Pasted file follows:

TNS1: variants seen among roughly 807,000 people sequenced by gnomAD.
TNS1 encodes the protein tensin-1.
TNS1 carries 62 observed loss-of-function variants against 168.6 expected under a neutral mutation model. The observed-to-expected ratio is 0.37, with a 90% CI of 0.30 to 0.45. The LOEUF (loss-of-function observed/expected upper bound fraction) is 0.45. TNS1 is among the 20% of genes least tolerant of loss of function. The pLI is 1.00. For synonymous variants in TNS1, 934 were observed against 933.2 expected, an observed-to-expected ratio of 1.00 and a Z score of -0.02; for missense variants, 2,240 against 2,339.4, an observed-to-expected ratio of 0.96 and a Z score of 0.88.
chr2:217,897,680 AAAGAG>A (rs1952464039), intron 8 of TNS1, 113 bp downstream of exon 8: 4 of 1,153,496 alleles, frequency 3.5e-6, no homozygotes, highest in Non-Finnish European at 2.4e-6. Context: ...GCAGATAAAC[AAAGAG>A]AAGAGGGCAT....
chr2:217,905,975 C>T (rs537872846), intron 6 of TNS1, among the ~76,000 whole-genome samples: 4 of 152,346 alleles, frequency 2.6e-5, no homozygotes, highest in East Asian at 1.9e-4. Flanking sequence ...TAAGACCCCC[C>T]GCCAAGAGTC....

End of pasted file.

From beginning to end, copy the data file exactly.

TNS1: variants seen among roughly 807,000 people sequenced by gnomAD.
TNS1 encodes the protein tensin-1.
TNS1 carries 62 observed loss-of-function variants against 168.6 expected under a neutral mutation model. The observed-to-expected ratio is 0.37, with a 90% CI of 0.30 to 0.45. The LOEUF (loss-of-function observed/expected upper bound fraction) is 0.45. TNS1 is among the 20% of genes least tolerant of loss of function. The pLI is 1.00. For synonymous variants in TNS1, 934 were observed against 933.2 expected, an observed-to-expected ratio of 1.00 and a Z score of -0.02; for missense variants, 2,240 against 2,339.4, an observed-to-expected ratio of 0.96 and a Z score of 0.88.
chr2:217,897,680 AAAGAG>A (rs1952464039), intron 8 of TNS1, 113 bp downstream of exon 8: 4 of 1,153,496 alleles, frequency 3.5e-6, no homozygotes, highest in Non-Finnish European at 2.4e-6. Context: ...GCAGATAAAC[AAAGAG>A]AAGAGGGCAT....
chr2:217,905,975 C>T (rs537872846), intron 6 of TNS1, among the ~76,000 whole-genome samples: 4 of 152,346 alleles, frequency 2.6e-5, no homozygotes, highest in East Asian at 1.9e-4. Flanking sequence ...TAAGACCCCC[C>T]GCCAAGAGTC....